Amen.. and here is the root problem I was writing about in the comments forum of Julie Pippert's site.

    Thanks for unpeeling one of the layers. There's been too much blame placed on things outside of ourselves.. the guns, the video games, the movies.



  2. And now, in the aftermath, comes the touchy-feely, bullshit-ourselves aprons of figleaves to cover up the naked truth that the only crime greater than that this happened is that we let it happen.
    The powers that be knew what had to be done, and didn't.
    Thomas Jefferson DID NOT write: "to secure these rights, governments are instituted among men to hold their hands, salve their guilty consciences and provide armies of humanist priests to psychoanalyze and rationalize it all away" but that's exactly what will happen! Orca/Oprah will write a best-seller about "conflict resolution" or some such crap. Paging Dr. Phil M'Crack-in, call the gay bar.
    And you're diagnosis is right, Sieg: The end result will be more calls to disarm the law-abiding citizens, not a resolution to lock up the whack-jobs and start punishing criminals.
    The first step down the slippery slope was feeling sorry for murderers, rapists and dopers and making sure their cells all had color TV and WonderFoam beds. Somewhere along the slide down we forgot punishment was supposed to be a deterrent, not a vacation!

  3. Oh do I ever hear your anger and share your pain.

    I just don't know that I can quite go along with the theme of modern parents stink, society today sucks, and kids these days lack backbone and discipline...especially as the reason why.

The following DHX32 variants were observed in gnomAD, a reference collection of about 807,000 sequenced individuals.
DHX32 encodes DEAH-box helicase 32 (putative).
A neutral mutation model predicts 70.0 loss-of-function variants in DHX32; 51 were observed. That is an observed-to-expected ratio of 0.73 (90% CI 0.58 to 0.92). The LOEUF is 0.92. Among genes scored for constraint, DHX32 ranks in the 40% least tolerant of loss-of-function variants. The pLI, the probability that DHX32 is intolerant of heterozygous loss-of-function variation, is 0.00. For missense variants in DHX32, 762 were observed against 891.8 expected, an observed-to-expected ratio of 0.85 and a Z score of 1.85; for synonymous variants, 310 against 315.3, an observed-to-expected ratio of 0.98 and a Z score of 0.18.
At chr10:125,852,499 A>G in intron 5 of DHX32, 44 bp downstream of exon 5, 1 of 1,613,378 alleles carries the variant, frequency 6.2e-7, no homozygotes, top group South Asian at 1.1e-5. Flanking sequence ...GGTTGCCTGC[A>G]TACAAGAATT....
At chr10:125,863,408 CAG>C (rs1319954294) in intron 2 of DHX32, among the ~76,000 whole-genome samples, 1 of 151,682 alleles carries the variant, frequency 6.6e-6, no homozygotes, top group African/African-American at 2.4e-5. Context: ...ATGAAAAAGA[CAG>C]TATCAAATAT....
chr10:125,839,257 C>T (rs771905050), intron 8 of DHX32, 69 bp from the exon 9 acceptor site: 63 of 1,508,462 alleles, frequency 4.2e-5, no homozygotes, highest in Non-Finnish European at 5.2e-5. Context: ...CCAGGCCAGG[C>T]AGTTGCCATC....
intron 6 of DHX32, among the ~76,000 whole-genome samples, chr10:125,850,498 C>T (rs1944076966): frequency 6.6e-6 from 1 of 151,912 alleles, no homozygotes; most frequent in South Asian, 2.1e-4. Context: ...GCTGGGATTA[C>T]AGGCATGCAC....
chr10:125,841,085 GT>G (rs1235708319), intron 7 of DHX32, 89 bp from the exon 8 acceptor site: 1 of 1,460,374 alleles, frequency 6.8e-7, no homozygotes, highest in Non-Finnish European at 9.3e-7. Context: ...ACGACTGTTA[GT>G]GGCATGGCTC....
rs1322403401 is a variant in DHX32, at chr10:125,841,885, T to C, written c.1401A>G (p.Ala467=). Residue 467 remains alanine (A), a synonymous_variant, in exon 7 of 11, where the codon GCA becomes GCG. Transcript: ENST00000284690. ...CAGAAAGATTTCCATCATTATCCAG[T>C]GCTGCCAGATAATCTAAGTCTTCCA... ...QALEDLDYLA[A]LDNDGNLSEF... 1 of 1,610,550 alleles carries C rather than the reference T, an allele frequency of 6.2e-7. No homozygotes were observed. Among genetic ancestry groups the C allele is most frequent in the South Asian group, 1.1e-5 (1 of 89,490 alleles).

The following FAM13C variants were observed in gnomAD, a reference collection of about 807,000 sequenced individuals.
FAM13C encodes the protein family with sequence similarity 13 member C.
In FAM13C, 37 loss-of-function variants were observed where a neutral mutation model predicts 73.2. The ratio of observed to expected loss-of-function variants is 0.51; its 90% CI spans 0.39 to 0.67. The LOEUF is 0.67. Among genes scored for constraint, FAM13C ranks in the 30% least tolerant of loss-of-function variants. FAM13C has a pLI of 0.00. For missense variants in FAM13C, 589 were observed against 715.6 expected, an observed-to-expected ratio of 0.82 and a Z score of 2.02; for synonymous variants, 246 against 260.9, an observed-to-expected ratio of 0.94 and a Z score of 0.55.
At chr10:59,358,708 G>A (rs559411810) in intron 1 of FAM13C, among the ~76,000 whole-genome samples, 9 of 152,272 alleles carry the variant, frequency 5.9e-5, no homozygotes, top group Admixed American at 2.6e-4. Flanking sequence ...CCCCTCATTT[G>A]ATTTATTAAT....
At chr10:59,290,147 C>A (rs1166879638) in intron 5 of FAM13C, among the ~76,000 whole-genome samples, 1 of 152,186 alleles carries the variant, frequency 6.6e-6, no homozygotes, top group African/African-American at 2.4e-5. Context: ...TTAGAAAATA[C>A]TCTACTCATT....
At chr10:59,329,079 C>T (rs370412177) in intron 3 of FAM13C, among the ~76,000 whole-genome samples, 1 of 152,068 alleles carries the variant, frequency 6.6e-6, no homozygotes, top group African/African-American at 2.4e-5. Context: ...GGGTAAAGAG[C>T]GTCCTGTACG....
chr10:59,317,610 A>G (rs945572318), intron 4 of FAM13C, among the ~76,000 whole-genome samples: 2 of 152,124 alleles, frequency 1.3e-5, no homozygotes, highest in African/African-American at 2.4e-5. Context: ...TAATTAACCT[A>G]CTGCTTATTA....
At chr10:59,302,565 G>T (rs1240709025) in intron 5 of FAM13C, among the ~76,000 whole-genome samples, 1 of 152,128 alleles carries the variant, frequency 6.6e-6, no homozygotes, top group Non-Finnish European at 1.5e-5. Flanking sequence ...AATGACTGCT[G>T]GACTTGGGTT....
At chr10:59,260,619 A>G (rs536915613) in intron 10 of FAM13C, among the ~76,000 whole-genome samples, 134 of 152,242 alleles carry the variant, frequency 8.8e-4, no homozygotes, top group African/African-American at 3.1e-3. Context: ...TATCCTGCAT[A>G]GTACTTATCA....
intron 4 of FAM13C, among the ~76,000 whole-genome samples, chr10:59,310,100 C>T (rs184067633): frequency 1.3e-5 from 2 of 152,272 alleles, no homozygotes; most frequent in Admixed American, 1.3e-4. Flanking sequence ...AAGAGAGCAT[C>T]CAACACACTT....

I also think my childhood was a lot easier than my kids' childhoods today. I have to work a lot to harder to keep a lot more Not Appropriate out of their lives than my parents did. They have to process a lot more because they have access to a lot more.

    Not to mention: it's nearly impossible for a lot of people to maintain the lifestyle in which they were raised on one income. And the standards keep going up adding more and more pressure.

    Society has evolved faster than culture has changed. KWIM?

    Our priorities are askew, no doubt. We've got to move, quickly, to get on track. I can't even express in words what a plea this is straight from my heart.

    But these aren't excuses, and I don't intend them as such. Just addressing a few points.

    It's true: it's our responsibility.

    It's true: we let it happen, we let it get to this point.

    What I hope is that we don't just say to kids as a standard: suck it up.

    What I hope is that we do say to kids: that stinks...now how can you solve this?

    I hope we empower children, so that they can both take personal responsibility and know they can solve problems without harming others. So they don't feel hopeless and powerless.

    I hope we can discipline children, so that we prevent a need to escalate to punishment.

    I hope that we teach children so that they develop their own internal moral code and don't rely on external deterrants.

    I hope we lead by example so that children understand what really matters.

    I hope we teach people that neither dogs nor, more importantly, children raise themselves. Kids need guidance and discipline, and the truth is, this is HARD and takes a lot of TIME. Moreover, it requires you to have your own act together.